Here’s the player-by-player breakdown of the ‘backers, after re-watching the game.
Chaney got the start at weakside linebacker for the injured Akeem Jordan and was on the field for a total of 30 snaps, or 44 percent of the time. Overall he appeared to have a solid outing. On the Giants’ first offensive series Chaney got penetration and dropped Andre Brown for no gain. Later in the quarter he made a good read on a Henry Hynoski run and came up with the tackle after a four-yard advance. There were times when Chaney couldn’t get off his block. However, he didn’t give up any backbreaking plays, and acquitted himself fairly well in both run and pass defense.
Kendricks played all but three snaps against the Giants. He got beat by Martellus Bennett along the right side in the first quarter and then failed to bring the big tight end down, resulting in a long catch and run that was negated by a holding penalty. The rookie was left alone on Victor Cruz early in the second, and stood no chance. Cruz picked up 13 yards on the play. Kendricks had a nice one-on-one tackle on Hynoski in the flat on a third-quarter swing pass that went nowhere.
Some of his best work came late in the game. With the Giants facing a 2nd-and-10 on their own 35 on the their final drive of the game, Eli Manning got a low snap from center David Baas and had trouble pulling it in. Kendricks recognized this and left his defender to rush the quarterback. Manning was forced to throw it away.
His biggest play of the night went largely unnoticed. On the Giants’ last play before attempting the 54-yard field goal, Manning rolled right and threw into double-coverage deep along the sideline. That’s because his closer option, Bennett, was blanketed by Kendricks. Bennett actually stayed in to chip before breaking out on the route, and Kendricks read it perfectly.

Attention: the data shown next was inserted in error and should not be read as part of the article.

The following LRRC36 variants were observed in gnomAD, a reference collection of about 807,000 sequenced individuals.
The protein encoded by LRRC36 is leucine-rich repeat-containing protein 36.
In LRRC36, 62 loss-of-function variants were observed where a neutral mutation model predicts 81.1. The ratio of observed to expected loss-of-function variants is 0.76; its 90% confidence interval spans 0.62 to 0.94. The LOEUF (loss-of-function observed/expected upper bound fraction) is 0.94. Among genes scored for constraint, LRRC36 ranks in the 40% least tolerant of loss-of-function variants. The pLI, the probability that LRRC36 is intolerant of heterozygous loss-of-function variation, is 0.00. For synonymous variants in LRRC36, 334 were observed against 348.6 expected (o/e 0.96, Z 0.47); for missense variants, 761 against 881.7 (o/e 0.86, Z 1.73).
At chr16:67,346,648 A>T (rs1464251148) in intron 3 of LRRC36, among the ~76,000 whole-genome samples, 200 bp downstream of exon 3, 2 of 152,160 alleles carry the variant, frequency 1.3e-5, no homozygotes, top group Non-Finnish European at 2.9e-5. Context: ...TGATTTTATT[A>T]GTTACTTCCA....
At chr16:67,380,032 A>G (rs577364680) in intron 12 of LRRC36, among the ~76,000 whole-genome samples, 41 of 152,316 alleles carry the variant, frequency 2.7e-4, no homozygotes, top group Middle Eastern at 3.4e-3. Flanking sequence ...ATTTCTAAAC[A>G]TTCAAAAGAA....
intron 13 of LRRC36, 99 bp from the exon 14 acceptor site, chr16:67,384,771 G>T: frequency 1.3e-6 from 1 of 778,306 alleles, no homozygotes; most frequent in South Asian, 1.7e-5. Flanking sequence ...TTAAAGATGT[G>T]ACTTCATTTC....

Ryans played all 68 snaps Sunday night. The veteran middle linebacker was strong against the run. He bottled up Ahmad Bradshaw for a short gain early in the second and was routinely around the ball. On a 3rd-and-4 midway through second, Ryans came unblocked on a blitz and forced Manning to throw it away.
It was not Ryans’ finest night in pass defense. He was in the area for Cruz’s 14-yard TD reception in the third. As Cris Collinsworth pointed out, the scheme was designed to trick Manning into thinking he had a one-on-one matchup between Cruz and Brandon Boykin, when in reality Ryans was setting a trap. He did not get to the proper space in time, however, and Manning fired a quick pass between the two defenders for the score.
He was also the closest defender to Bear Pascoe on the tight end’s six-yard touchdown. Ryans vacated the middle to go to Bennett, who was already covered by Nate Allen. Manning found the open receiver once again.
Rolle was one of several Eagles to have a rough night on kick return coverage, as he got swallowed up by New York blockers on a couple occasions. He was released on Tuesday.